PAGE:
Why do women stay? Why don't they leave?
It's not uncommon to hear "Why do women stay in abusive relationships?"
or "Why don't they leave?" These types of questions, although
common, have a tendency—whether unintentional or not—to
blame victims and to suggest they enjoy or thrive on being abused. If
they didn't enjoy being ill-treated, they would leave, right? Obviously,
if they choose to stay, they must have low self-esteem, right?
No. These attitudes are common myths
about victims of domestic violence. The fact is that reasons for staying
are far more complex than a blanket statement about a victim's character
or strength of will.
In some cases, women may seem to "want" to be beaten. For
those who come from dysfunctional families—families in which they
were routinely beaten and emotionally abused as children—they
know no other patterns of behavior and have learned to expect frequent
incidents of violence. For such women, the anxiety of waiting for the
next outburst of violence is often more stressful and agonizing than the
violence itself. They hate not knowing when they will next be hit, kicked,
punched, burned, bitten, or stabbed, and they would rather "get it
over with" than not know when they will next be abused.
Often, it is dangerous for a woman to leave an abusive relationship.
If her abuser is economically abusive (see The Types
of Abuse) and withholds all family money from her, leaving can
lead to additional hardships. Leaving could mean living in fear of
being stalked, fear of losing custody of
any minor children (parental abduction is not uncommon), losing financial
support, and experiencing harassment at work.
Do not underestimate the effects of domestic
violence on its victims. Abused women experience isolation, shame,
embarrassment, and humiliation. Women may not immediately leave an abusive
- They fear their abusers will become more violent—perhaps
fatal—stalking them if they leave.
- Friends and family may not support their decision to leave.
- They fear being a single parent with little money.
- There are periods of calm, nurturing and love between incidents of
violence (see The Cycle of Abuse).
- They may be unaware of sources of advocacy and support.
- They may be unaware of shelters and other resources that offer
safety and support.
The reasons women stay in abusive relationships typically fall into three
Lack of resources
- Most abused women have at least one minor child.
- Many abused women are not employed outside the home.
- Many abused women don't have property that is solely theirs.
- In many cases, abusers have cut off access to cash or bank accounts.
- Most abused women fear losing joint assets and custody of their children.
- Abused women fear a lower standard of living for themselves and their children.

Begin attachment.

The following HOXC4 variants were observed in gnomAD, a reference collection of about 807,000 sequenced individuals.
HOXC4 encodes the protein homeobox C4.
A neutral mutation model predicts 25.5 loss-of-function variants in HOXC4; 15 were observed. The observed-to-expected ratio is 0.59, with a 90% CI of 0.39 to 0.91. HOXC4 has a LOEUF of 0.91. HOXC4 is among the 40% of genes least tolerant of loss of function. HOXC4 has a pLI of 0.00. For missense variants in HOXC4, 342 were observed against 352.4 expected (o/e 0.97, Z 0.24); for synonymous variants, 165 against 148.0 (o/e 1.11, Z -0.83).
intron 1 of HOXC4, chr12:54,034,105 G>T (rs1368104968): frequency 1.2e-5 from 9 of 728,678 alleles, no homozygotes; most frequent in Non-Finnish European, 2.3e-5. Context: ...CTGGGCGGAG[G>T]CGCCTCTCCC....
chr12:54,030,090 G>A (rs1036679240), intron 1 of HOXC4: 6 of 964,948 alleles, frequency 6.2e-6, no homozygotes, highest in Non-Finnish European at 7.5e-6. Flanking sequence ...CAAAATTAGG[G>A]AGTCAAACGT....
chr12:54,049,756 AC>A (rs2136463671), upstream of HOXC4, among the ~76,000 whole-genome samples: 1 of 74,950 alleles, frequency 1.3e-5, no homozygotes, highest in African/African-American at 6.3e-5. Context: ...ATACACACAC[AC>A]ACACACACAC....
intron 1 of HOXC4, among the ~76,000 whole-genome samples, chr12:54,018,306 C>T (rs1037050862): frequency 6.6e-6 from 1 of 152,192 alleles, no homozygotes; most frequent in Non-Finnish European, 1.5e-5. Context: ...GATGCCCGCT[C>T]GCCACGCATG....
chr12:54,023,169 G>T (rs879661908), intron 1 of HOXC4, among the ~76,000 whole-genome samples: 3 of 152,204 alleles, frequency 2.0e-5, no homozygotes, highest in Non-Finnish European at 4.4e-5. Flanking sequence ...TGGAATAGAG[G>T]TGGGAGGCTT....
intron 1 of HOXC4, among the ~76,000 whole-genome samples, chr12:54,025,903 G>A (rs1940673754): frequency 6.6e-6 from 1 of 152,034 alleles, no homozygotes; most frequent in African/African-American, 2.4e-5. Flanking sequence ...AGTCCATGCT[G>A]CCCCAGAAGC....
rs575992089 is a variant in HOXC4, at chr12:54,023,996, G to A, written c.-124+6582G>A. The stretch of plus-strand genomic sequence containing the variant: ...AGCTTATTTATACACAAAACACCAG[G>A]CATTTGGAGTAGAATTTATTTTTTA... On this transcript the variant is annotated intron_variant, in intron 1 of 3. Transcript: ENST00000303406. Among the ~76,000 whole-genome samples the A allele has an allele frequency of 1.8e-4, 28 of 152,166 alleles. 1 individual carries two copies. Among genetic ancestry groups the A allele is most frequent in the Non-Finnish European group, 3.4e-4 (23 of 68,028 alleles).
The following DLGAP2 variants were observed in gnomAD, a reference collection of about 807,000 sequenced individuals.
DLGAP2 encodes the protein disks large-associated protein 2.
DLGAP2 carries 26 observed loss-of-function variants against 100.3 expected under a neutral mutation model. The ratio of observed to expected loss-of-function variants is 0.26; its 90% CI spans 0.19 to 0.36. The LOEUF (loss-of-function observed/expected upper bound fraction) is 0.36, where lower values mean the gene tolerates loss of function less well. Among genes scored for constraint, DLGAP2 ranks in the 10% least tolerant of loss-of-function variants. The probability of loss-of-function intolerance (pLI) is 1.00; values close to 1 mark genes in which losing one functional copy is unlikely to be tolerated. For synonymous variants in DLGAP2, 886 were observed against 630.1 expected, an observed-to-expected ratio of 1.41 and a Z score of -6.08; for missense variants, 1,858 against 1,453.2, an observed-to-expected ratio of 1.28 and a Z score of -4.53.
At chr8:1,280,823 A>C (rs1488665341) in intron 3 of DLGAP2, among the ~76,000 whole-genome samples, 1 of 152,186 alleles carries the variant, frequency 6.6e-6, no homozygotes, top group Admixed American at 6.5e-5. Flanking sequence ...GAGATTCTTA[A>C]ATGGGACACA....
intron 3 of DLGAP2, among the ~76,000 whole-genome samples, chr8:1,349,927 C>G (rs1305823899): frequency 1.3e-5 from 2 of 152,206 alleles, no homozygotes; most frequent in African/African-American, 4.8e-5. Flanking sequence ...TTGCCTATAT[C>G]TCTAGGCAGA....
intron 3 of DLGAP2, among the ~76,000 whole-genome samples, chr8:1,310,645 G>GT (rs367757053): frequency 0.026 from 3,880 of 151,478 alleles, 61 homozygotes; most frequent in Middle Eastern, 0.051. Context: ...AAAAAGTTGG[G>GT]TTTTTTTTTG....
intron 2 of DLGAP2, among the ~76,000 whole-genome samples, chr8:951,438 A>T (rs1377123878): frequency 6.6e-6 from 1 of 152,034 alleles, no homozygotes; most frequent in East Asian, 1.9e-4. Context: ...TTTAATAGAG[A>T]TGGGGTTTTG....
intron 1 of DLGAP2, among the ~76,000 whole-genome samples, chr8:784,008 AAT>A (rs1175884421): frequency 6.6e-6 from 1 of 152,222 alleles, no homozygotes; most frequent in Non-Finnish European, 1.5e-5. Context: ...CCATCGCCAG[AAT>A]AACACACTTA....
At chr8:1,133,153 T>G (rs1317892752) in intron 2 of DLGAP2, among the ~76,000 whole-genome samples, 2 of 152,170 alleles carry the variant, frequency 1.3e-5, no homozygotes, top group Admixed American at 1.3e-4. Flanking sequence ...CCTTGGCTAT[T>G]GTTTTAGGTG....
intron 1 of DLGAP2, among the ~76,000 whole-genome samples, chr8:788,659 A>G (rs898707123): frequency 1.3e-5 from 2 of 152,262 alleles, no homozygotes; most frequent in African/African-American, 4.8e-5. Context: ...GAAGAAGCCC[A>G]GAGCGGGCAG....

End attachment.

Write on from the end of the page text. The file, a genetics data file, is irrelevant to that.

- Often, clergy and social workers are trained to "save the family"
rather than to stop violence.
- Police often treat incidents of domestic violence as mere "disputes"
rather than as serious crimes in which one person is physically assaulting
- Police may try to discourage women from pressing criminal charges.
- Attorneys are often reluctant to prosecute cases. Justices rarely
assign the maximum sentence or fine possible.
- Restraining orders and peace bonds (see Stalking)
do little to prevent abusers from repeating their violent patterns of behavior.
Sadly, there are too few shelters to keep women safe.
- Many women don't view divorce as a viable alternative.
- Many abused women don't accept the notion of single parenting. They
believe a bad father (or in the case of a lesbian
relationship, a bad partner) is better than none at all.
- Many women are conditioned to believe they are responsible for
making their marriage or relationship work; that if the relationship
fails, they have failed as women. Society has often taught these
women that their worth is measured by their ability to get and keep a man.
- Many abused women feel isolated from their families and from society.
Isolation is either the result of the abuser's possessiveness or jealousy,
or it may be an attempt on the part of the victim to hide signs of abuse
from the outside world. Either way, such isolation leads many victims
to feel they have nowhere to turn.
- Many victims externalize or rationalize the reasons for their abuser's
behavior, casting blame of circumstances such as stress, financial hardship,
job stress, chemical dependency, etc.
- Between violent episodes, there are periods of calm during which the
abuser is charming, nurturing, and caring. Those traits which initially
attracted him/her to his/her victim resurface and the victim sees her
abuser as a loving person, thereby reinforcing her decision to stay.
(See The Cycle of Abuse.)
Following are just some of the wonderful books on this topic
available from Amazon.com. Click on the cover art to learn more.
For even more resources, visit Amazon.com
Mary Kay Inc. Supports Women's Shelters
Since 2000, the Mary Kay Ash Charitable Foundation has awarded millions of dollars
to women's shelters across the United States. From 2005 through 2007, the Foundation
has awarded $20,000 grants, totaling $3 million, to 150 shelters in all 50 states for
each of these years.